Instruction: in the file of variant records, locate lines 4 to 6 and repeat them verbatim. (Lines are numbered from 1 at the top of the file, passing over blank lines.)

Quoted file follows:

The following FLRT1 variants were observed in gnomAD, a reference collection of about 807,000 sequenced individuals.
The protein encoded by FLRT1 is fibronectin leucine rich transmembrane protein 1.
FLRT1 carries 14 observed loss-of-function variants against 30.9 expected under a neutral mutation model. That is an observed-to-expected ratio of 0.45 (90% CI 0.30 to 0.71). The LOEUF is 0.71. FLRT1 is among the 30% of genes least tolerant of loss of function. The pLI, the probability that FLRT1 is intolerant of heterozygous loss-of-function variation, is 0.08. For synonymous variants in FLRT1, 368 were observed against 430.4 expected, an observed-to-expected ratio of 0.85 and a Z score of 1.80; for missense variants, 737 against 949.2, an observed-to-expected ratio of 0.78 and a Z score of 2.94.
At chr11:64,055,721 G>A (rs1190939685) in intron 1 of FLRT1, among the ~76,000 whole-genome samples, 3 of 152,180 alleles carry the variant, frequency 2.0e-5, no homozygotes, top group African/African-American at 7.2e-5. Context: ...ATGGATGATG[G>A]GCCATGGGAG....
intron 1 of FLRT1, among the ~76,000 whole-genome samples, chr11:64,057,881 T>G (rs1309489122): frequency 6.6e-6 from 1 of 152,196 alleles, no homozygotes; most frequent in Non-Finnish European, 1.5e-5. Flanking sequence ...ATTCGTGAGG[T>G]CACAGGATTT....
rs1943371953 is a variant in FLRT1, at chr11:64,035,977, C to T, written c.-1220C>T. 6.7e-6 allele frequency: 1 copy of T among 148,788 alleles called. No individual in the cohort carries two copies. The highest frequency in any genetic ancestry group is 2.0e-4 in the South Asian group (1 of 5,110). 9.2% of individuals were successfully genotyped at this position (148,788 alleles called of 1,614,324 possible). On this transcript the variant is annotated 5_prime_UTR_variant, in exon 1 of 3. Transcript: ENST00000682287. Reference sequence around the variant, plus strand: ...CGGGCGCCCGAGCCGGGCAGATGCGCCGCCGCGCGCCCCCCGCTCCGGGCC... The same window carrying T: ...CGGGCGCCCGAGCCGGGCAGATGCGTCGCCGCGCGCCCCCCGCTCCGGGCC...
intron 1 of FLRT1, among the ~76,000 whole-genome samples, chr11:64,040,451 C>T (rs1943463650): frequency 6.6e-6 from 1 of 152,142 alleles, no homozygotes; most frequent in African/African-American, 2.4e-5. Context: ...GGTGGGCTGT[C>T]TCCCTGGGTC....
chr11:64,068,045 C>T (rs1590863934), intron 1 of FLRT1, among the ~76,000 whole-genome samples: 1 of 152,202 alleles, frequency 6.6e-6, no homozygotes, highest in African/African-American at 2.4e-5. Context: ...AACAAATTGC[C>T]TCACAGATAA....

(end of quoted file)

At chr11:64,055,721 G>A (rs1190939685) in intron 1 of FLRT1, among the ~76,000 whole-genome samples, 3 of 152,180 alleles carry the variant, frequency 2.0e-5, no homozygotes, top group African/African-American at 7.2e-5. Context: ...ATGGATGATG[G>A]GCCATGGGAG....
intron 1 of FLRT1, among the ~76,000 whole-genome samples, chr11:64,057,881 T>G (rs1309489122): frequency 6.6e-6 from 1 of 152,196 alleles, no homozygotes; most frequent in Non-Finnish European, 1.5e-5. Flanking sequence ...ATTCGTGAGG[T>G]CACAGGATTT....
rs1943371953 is a variant in FLRT1, at chr11:64,035,977, C to T, written c.-1220C>T. 6.7e-6 allele frequency: 1 copy of T among 148,788 alleles called. No individual in the cohort carries two copies. The highest frequency in any genetic ancestry group is 2.0e-4 in the South Asian group (1 of 5,110). 9.2% of individuals were successfully genotyped at this position (148,788 alleles called of 1,614,324 possible). On this transcript the variant is annotated 5_prime_UTR_variant, in exon 1 of 3. Transcript: ENST00000682287. Reference sequence around the variant, plus strand: ...CGGGCGCCCGAGCCGGGCAGATGCGCCGCCGCGCGCCCCCCGCTCCGGGCC... The same window carrying T: ...CGGGCGCCCGAGCCGGGCAGATGCGTCGCCGCGCGCCCCCCGCTCCGGGCC...